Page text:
After following this course, students are expected to|
1. be able to explain important properties of the basic stochastic processes covered in the course: renewal processes, martingales, Brownian motion.
2. be able to recognize the situations where such models are applicable and, in simple cases, are able to provide mathematical modelling and analysis.
Many real-life processes are genuinely stochastic. Think about the busy period of a web server, interacting particle systems in physics, formation of a social network, population growth, fluctuations of financial markets and many more. These real-life phenomena can be modelled and analyzed using stochastic processes. In simple words, a stochastic process is a random function of time. In this course we study three important types of stochastic processes: renewal processes, martingales, and Brownian motion.|
Renewal processes describe real-life processes with renewal or regenerative structure, that is, the process tends to restart and repeat from time to time. Renewal processes are widely used e.g. in inventory management, queueing theory, and reliability theory.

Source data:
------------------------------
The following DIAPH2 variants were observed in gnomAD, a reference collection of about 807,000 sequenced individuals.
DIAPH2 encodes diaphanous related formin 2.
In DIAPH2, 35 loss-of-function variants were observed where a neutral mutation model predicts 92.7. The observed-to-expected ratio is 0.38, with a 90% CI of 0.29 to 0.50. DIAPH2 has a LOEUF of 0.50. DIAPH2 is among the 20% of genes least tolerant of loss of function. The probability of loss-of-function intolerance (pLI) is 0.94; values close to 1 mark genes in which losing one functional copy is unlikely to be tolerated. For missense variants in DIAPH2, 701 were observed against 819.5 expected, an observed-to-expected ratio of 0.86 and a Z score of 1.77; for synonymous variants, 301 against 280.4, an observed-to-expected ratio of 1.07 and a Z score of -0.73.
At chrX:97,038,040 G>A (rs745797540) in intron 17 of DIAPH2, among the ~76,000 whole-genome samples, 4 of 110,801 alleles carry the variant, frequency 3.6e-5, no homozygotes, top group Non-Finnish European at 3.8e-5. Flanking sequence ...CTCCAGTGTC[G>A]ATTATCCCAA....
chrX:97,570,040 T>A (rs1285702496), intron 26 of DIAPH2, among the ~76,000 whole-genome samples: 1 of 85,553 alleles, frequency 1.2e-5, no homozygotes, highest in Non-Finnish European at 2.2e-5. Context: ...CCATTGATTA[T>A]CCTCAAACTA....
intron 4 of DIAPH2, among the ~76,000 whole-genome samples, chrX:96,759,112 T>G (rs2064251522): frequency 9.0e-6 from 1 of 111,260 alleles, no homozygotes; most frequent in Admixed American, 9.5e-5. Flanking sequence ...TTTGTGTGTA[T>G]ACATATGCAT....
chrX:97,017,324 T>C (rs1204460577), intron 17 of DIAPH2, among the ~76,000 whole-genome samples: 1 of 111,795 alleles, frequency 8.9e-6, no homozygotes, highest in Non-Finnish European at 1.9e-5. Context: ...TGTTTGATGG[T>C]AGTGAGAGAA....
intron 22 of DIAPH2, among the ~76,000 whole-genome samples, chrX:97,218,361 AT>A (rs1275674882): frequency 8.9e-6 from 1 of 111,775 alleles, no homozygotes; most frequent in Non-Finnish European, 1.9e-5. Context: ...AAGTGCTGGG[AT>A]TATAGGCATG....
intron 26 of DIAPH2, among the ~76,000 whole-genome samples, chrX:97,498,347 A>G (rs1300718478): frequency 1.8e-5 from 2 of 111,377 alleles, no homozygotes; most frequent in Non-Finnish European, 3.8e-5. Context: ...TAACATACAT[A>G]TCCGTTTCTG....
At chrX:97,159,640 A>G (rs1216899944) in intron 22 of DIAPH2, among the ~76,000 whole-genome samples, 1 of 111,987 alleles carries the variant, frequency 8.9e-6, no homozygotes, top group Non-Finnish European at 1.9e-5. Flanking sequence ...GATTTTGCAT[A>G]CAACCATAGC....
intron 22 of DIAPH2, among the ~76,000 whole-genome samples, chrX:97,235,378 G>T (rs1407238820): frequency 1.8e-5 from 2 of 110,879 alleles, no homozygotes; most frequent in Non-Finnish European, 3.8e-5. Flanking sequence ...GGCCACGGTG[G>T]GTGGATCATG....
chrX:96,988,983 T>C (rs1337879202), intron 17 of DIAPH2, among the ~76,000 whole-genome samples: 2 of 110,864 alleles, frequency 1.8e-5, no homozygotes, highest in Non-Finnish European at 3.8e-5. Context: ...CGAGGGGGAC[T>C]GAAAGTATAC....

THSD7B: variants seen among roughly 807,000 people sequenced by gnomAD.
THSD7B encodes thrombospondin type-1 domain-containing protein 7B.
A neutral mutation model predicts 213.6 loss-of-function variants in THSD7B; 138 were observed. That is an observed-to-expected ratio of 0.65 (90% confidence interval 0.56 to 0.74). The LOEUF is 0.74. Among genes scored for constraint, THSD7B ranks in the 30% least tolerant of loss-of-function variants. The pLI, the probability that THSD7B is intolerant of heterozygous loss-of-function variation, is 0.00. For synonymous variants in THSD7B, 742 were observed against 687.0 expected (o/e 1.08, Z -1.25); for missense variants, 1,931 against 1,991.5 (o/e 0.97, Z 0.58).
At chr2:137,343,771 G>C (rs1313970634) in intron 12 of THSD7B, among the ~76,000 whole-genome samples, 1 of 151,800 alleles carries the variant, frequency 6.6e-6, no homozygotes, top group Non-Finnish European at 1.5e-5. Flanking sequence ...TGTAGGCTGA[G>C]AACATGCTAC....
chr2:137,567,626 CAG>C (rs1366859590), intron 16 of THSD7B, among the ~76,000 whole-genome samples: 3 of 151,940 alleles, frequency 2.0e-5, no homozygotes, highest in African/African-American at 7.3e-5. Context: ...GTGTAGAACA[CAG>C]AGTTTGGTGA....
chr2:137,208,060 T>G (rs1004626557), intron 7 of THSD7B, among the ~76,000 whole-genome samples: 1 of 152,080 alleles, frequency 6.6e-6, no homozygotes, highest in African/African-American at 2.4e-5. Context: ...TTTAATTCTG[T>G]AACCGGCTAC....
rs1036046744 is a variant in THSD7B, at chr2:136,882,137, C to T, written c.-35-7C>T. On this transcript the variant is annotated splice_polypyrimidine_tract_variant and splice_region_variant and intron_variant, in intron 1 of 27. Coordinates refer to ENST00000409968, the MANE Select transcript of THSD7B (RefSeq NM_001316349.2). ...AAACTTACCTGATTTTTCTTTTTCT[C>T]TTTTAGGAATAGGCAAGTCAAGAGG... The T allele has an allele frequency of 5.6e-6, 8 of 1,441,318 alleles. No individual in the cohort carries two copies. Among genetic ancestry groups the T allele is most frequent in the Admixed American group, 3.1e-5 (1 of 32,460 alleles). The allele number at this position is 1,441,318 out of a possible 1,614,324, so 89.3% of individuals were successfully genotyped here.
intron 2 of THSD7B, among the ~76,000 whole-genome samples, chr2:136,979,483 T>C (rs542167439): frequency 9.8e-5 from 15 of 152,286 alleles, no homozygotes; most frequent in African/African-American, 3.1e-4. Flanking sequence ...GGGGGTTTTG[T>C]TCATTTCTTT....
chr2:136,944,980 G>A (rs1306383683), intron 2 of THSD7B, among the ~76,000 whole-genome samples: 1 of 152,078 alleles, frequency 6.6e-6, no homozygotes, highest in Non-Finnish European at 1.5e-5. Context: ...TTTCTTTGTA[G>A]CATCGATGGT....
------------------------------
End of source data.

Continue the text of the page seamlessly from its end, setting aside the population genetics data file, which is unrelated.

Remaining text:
Martingales are in fact a mathematical representation of a fair stochastic game. In the course we study several core properties of martingales, which form the basis for stochastic integration and limit theory, and enable a wide range of applications of martingales in many areas including physics, finance, and computer science. Important examples of martingales are normalized branching processes, which are in the heart of the analysis of large networks, epidemic spreading, and population growth. Other important examples of martingales are based on random walks, a key concept in probability theory that forms a connection between martingales and Brownian motion – the third topic covered in the course. Brownian motion is one of the basic models frequently used in physics, operations research and finance. It may represent diffusion, market fluctuations, or describe a limiting behavior of a queueing system in heavy traffic. We formally define Brownian motion and study basic poperties.